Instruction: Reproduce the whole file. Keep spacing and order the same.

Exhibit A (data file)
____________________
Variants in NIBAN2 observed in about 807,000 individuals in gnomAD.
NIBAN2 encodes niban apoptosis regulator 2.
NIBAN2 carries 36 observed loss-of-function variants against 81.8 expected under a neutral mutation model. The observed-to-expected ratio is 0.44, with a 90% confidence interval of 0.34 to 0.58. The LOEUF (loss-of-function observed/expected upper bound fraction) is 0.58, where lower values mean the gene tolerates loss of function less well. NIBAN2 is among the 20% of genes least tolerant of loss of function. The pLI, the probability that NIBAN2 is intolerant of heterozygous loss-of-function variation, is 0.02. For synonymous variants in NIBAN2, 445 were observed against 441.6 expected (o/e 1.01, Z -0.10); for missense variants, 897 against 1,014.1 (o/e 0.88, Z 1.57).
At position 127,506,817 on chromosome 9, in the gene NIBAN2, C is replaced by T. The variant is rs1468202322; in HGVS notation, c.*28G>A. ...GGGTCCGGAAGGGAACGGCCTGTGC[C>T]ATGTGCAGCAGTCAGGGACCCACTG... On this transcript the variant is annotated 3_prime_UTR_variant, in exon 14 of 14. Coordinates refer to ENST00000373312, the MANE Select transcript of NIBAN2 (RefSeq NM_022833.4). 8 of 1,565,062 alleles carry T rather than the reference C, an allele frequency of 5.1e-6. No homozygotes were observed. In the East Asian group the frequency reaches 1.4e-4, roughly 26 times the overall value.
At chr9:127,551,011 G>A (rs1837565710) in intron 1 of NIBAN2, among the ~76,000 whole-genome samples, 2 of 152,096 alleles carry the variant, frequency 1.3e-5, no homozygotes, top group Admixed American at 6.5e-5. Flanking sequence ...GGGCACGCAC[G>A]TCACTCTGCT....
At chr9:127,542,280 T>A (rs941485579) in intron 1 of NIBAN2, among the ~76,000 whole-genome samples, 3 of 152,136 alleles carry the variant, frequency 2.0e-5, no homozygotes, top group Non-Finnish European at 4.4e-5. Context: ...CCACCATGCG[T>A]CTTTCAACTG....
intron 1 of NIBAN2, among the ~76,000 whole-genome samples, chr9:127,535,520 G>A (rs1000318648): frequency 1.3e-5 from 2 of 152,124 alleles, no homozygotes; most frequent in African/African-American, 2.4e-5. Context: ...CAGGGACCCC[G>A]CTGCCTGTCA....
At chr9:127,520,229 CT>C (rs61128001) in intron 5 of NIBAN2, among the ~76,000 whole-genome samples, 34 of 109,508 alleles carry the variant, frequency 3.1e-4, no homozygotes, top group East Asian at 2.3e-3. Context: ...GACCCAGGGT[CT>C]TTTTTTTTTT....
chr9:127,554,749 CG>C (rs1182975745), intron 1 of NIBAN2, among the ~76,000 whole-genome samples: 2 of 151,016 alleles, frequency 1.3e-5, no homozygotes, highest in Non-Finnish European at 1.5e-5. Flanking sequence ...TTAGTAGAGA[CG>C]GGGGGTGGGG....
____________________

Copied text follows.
Variants in NIBAN2 observed in about 807,000 individuals in gnomAD.
NIBAN2 encodes niban apoptosis regulator 2.
NIBAN2 carries 36 observed loss-of-function variants against 81.8 expected under a neutral mutation model. The observed-to-expected ratio is 0.44, with a 90% confidence interval of 0.34 to 0.58. The LOEUF (loss-of-function observed/expected upper bound fraction) is 0.58, where lower values mean the gene tolerates loss of function less well. NIBAN2 is among the 20% of genes least tolerant of loss of function. The pLI, the probability that NIBAN2 is intolerant of heterozygous loss-of-function variation, is 0.02. For synonymous variants in NIBAN2, 445 were observed against 441.6 expected (o/e 1.01, Z -0.10); for missense variants, 897 against 1,014.1 (o/e 0.88, Z 1.57).
At position 127,506,817 on chromosome 9, in the gene NIBAN2, C is replaced by T. The variant is rs1468202322; in HGVS notation, c.*28G>A. ...GGGTCCGGAAGGGAACGGCCTGTGC[C>T]ATGTGCAGCAGTCAGGGACCCACTG... On this transcript the variant is annotated 3_prime_UTR_variant, in exon 14 of 14. Coordinates refer to ENST00000373312, the MANE Select transcript of NIBAN2 (RefSeq NM_022833.4). 8 of 1,565,062 alleles carry T rather than the reference C, an allele frequency of 5.1e-6. No homozygotes were observed. In the East Asian group the frequency reaches 1.4e-4, roughly 26 times the overall value.
At chr9:127,551,011 G>A (rs1837565710) in intron 1 of NIBAN2, among the ~76,000 whole-genome samples, 2 of 152,096 alleles carry the variant, frequency 1.3e-5, no homozygotes, top group Admixed American at 6.5e-5. Flanking sequence ...GGGCACGCAC[G>A]TCACTCTGCT....
At chr9:127,542,280 T>A (rs941485579) in intron 1 of NIBAN2, among the ~76,000 whole-genome samples, 3 of 152,136 alleles carry the variant, frequency 2.0e-5, no homozygotes, top group Non-Finnish European at 4.4e-5. Context: ...CCACCATGCG[T>A]CTTTCAACTG....
intron 1 of NIBAN2, among the ~76,000 whole-genome samples, chr9:127,535,520 G>A (rs1000318648): frequency 1.3e-5 from 2 of 152,124 alleles, no homozygotes; most frequent in African/African-American, 2.4e-5. Context: ...CAGGGACCCC[G>A]CTGCCTGTCA....
At chr9:127,520,229 CT>C (rs61128001) in intron 5 of NIBAN2, among the ~76,000 whole-genome samples, 34 of 109,508 alleles carry the variant, frequency 3.1e-4, no homozygotes, top group East Asian at 2.3e-3. Context: ...GACCCAGGGT[CT>C]TTTTTTTTTT....
chr9:127,554,749 CG>C (rs1182975745), intron 1 of NIBAN2, among the ~76,000 whole-genome samples: 2 of 151,016 alleles, frequency 1.3e-5, no homozygotes, highest in Non-Finnish European at 1.5e-5. Flanking sequence ...TTAGTAGAGA[CG>C]GGGGGTGGGG....